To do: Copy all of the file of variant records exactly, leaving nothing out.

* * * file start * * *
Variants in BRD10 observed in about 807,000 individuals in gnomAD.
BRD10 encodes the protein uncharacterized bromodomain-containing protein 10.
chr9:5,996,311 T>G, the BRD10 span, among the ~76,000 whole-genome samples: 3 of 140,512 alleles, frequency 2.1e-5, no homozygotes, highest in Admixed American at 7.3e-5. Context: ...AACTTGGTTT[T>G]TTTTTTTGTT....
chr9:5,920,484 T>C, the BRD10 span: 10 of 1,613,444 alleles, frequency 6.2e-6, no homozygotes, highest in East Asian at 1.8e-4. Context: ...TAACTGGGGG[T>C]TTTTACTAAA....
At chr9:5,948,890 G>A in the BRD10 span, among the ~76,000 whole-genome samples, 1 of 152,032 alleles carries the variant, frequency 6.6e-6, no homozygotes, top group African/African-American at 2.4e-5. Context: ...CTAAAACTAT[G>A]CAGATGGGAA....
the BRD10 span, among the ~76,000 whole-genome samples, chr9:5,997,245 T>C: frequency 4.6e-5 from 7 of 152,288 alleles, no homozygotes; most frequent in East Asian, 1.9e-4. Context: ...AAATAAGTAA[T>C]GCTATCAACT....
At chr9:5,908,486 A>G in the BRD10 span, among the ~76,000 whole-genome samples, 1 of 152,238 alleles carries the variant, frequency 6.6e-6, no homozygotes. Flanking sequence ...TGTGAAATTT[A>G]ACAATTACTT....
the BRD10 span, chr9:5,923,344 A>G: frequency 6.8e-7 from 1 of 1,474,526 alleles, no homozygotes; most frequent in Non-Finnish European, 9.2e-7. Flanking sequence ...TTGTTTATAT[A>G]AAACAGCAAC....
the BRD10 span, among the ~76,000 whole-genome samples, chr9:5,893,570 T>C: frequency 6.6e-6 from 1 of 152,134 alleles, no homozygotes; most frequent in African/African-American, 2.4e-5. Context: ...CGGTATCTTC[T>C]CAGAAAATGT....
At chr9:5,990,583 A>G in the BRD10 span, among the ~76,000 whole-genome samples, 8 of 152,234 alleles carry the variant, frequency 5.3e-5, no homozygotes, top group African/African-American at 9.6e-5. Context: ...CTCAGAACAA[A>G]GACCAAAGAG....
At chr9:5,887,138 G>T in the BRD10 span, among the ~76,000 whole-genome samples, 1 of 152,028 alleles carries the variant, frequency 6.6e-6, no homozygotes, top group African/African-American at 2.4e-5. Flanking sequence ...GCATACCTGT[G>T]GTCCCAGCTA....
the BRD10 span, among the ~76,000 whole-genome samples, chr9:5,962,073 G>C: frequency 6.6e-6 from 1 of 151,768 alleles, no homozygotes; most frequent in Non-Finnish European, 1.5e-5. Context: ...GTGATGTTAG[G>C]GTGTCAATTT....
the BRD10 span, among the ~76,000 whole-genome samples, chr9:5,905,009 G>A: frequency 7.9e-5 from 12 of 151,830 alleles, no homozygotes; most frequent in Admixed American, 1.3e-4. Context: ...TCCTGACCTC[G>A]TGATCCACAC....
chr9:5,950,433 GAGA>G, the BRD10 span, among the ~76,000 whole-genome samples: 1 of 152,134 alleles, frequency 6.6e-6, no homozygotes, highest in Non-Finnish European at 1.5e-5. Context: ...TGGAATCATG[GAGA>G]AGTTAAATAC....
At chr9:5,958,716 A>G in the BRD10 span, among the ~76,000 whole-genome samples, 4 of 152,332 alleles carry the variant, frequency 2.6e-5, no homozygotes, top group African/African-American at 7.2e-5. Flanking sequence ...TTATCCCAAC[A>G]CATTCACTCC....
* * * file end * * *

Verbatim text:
Variants in BRD10 observed in about 807,000 individuals in gnomAD.
BRD10 encodes the protein uncharacterized bromodomain-containing protein 10.
chr9:5,996,311 T>G, the BRD10 span, among the ~76,000 whole-genome samples: 3 of 140,512 alleles, frequency 2.1e-5, no homozygotes, highest in Admixed American at 7.3e-5. Context: ...AACTTGGTTT[T>G]TTTTTTTGTT....
chr9:5,920,484 T>C, the BRD10 span: 10 of 1,613,444 alleles, frequency 6.2e-6, no homozygotes, highest in East Asian at 1.8e-4. Context: ...TAACTGGGGG[T>C]TTTTACTAAA....
At chr9:5,948,890 G>A in the BRD10 span, among the ~76,000 whole-genome samples, 1 of 152,032 alleles carries the variant, frequency 6.6e-6, no homozygotes, top group African/African-American at 2.4e-5. Context: ...CTAAAACTAT[G>A]CAGATGGGAA....
the BRD10 span, among the ~76,000 whole-genome samples, chr9:5,997,245 T>C: frequency 4.6e-5 from 7 of 152,288 alleles, no homozygotes; most frequent in East Asian, 1.9e-4. Context: ...AAATAAGTAA[T>C]GCTATCAACT....
At chr9:5,908,486 A>G in the BRD10 span, among the ~76,000 whole-genome samples, 1 of 152,238 alleles carries the variant, frequency 6.6e-6, no homozygotes. Flanking sequence ...TGTGAAATTT[A>G]ACAATTACTT....
the BRD10 span, chr9:5,923,344 A>G: frequency 6.8e-7 from 1 of 1,474,526 alleles, no homozygotes; most frequent in Non-Finnish European, 9.2e-7. Flanking sequence ...TTGTTTATAT[A>G]AAACAGCAAC....
the BRD10 span, among the ~76,000 whole-genome samples, chr9:5,893,570 T>C: frequency 6.6e-6 from 1 of 152,134 alleles, no homozygotes; most frequent in African/African-American, 2.4e-5. Context: ...CGGTATCTTC[T>C]CAGAAAATGT....
At chr9:5,990,583 A>G in the BRD10 span, among the ~76,000 whole-genome samples, 8 of 152,234 alleles carry the variant, frequency 5.3e-5, no homozygotes, top group African/African-American at 9.6e-5. Context: ...CTCAGAACAA[A>G]GACCAAAGAG....
At chr9:5,887,138 G>T in the BRD10 span, among the ~76,000 whole-genome samples, 1 of 152,028 alleles carries the variant, frequency 6.6e-6, no homozygotes, top group African/African-American at 2.4e-5. Flanking sequence ...GCATACCTGT[G>T]GTCCCAGCTA....
the BRD10 span, among the ~76,000 whole-genome samples, chr9:5,962,073 G>C: frequency 6.6e-6 from 1 of 151,768 alleles, no homozygotes; most frequent in Non-Finnish European, 1.5e-5. Context: ...GTGATGTTAG[G>C]GTGTCAATTT....
the BRD10 span, among the ~76,000 whole-genome samples, chr9:5,905,009 G>A: frequency 7.9e-5 from 12 of 151,830 alleles, no homozygotes; most frequent in Admixed American, 1.3e-4. Context: ...TCCTGACCTC[G>A]TGATCCACAC....
chr9:5,950,433 GAGA>G, the BRD10 span, among the ~76,000 whole-genome samples: 1 of 152,134 alleles, frequency 6.6e-6, no homozygotes, highest in Non-Finnish European at 1.5e-5. Context: ...TGGAATCATG[GAGA>G]AGTTAAATAC....
At chr9:5,958,716 A>G in the BRD10 span, among the ~76,000 whole-genome samples, 4 of 152,332 alleles carry the variant, frequency 2.6e-5, no homozygotes, top group African/African-American at 7.2e-5. Flanking sequence ...TTATCCCAAC[A>G]CATTCACTCC....